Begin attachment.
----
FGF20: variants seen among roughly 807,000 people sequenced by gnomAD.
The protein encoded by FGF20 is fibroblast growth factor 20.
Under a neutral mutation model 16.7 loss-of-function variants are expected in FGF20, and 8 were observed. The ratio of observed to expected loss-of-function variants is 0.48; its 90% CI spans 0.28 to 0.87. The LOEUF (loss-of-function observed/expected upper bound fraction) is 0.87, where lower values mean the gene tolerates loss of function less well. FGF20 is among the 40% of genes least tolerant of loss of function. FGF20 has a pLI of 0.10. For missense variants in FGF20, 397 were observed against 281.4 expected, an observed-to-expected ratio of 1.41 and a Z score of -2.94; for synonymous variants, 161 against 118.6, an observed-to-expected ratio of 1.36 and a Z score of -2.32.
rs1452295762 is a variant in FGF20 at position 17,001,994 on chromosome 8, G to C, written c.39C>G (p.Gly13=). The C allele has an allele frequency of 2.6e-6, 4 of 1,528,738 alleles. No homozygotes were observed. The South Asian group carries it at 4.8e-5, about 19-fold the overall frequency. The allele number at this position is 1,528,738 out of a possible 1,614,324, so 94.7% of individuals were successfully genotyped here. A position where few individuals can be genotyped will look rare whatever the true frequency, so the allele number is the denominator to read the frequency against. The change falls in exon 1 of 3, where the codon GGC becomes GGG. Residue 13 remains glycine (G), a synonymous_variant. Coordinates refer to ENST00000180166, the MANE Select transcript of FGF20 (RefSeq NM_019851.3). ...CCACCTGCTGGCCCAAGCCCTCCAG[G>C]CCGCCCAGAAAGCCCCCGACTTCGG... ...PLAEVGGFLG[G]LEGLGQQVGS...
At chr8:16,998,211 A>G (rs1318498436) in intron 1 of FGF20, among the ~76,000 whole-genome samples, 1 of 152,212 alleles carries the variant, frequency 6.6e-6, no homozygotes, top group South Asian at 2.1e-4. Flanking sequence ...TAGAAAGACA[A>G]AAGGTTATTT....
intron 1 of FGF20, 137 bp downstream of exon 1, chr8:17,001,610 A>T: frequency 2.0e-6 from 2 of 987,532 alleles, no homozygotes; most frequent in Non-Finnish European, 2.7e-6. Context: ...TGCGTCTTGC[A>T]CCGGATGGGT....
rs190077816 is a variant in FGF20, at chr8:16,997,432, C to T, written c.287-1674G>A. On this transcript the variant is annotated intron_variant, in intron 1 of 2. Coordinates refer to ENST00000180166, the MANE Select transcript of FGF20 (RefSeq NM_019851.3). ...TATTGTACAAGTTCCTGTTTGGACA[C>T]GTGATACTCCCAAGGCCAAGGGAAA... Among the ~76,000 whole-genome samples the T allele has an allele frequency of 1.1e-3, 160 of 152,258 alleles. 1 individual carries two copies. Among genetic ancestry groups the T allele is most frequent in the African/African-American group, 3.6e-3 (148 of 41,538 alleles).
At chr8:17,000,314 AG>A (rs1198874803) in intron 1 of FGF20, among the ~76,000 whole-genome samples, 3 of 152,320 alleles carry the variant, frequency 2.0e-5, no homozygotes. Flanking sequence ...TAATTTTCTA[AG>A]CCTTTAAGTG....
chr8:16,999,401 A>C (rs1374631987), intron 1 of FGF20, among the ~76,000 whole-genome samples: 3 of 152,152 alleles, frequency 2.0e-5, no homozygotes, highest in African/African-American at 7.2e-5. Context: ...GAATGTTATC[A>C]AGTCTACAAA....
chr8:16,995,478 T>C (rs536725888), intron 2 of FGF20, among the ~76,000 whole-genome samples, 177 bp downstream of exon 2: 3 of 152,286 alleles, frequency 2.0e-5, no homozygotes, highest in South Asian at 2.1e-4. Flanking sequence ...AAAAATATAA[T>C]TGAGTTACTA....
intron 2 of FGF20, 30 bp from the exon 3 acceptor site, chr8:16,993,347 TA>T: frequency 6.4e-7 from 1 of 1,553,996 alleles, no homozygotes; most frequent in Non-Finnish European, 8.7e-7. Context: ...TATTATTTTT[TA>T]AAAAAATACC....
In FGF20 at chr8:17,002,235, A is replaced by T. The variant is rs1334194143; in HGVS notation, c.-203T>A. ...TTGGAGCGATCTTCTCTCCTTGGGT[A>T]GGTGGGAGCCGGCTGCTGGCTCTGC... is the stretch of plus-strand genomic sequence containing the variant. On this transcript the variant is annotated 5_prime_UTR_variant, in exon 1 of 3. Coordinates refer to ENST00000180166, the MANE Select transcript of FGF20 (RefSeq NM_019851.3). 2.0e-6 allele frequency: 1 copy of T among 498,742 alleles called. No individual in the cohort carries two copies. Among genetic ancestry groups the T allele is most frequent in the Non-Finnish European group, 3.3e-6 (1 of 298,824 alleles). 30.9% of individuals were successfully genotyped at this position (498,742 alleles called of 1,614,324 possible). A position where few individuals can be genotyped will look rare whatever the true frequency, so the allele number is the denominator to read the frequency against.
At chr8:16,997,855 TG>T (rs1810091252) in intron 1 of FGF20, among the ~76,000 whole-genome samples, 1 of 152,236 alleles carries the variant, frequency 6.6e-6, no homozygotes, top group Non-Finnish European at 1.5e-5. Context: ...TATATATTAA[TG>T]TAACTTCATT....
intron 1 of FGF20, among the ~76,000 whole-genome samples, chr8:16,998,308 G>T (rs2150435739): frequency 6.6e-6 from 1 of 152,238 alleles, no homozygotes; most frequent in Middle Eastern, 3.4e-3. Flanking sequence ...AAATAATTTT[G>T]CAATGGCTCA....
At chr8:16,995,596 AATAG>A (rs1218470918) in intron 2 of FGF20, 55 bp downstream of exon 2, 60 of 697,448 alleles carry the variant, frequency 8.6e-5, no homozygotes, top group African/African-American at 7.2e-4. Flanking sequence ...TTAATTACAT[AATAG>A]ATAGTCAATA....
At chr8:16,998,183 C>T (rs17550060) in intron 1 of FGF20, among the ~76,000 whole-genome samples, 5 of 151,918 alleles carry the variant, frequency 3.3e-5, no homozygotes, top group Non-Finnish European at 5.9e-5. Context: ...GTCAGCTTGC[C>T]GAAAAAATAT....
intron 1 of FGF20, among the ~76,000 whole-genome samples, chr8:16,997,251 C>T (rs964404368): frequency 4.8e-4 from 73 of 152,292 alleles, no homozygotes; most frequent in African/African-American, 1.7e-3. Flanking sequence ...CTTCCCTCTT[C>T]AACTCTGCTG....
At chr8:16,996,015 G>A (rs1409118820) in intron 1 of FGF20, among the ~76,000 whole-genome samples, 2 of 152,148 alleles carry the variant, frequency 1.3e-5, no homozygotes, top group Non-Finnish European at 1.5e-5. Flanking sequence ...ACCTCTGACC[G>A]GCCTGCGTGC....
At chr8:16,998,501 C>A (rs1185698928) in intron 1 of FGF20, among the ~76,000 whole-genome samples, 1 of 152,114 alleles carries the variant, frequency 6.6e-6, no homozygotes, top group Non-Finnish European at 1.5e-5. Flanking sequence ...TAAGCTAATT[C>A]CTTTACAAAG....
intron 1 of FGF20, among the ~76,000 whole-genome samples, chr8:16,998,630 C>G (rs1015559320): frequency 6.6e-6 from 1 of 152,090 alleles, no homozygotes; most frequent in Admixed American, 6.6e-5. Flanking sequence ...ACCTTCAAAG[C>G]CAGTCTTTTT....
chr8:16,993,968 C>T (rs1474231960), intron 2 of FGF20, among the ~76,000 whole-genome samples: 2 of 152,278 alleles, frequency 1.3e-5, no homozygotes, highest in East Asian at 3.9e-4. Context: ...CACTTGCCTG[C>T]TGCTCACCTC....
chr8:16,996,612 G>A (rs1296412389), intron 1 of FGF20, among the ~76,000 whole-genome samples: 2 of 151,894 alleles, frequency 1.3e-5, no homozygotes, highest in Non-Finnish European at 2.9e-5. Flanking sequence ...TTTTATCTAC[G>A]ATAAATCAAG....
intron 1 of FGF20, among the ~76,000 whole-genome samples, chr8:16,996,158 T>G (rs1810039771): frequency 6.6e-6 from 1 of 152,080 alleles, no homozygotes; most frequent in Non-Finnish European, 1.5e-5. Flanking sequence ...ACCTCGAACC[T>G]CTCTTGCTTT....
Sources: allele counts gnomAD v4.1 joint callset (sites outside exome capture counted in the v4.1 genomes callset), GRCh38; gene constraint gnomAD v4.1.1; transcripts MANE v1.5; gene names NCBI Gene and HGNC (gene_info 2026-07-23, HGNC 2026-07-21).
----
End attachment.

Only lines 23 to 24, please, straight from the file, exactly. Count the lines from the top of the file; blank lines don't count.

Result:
intron 1 of FGF20, among the ~76,000 whole-genome samples, chr8:16,996,158 T>G (rs1810039771): frequency 6.6e-6 from 1 of 152,080 alleles, no homozygotes; most frequent in Non-Finnish European, 1.5e-5. Flanking sequence ...ACCTCGAACC[T>G]CTCTTGCTTT....
Sources: allele counts gnomAD v4.1 joint callset (sites outside exome capture counted in the v4.1 genomes callset), GRCh38; gene constraint gnomAD v4.1.1; transcripts MANE v1.5; gene names NCBI Gene and HGNC (gene_info 2026-07-23, HGNC 2026-07-21).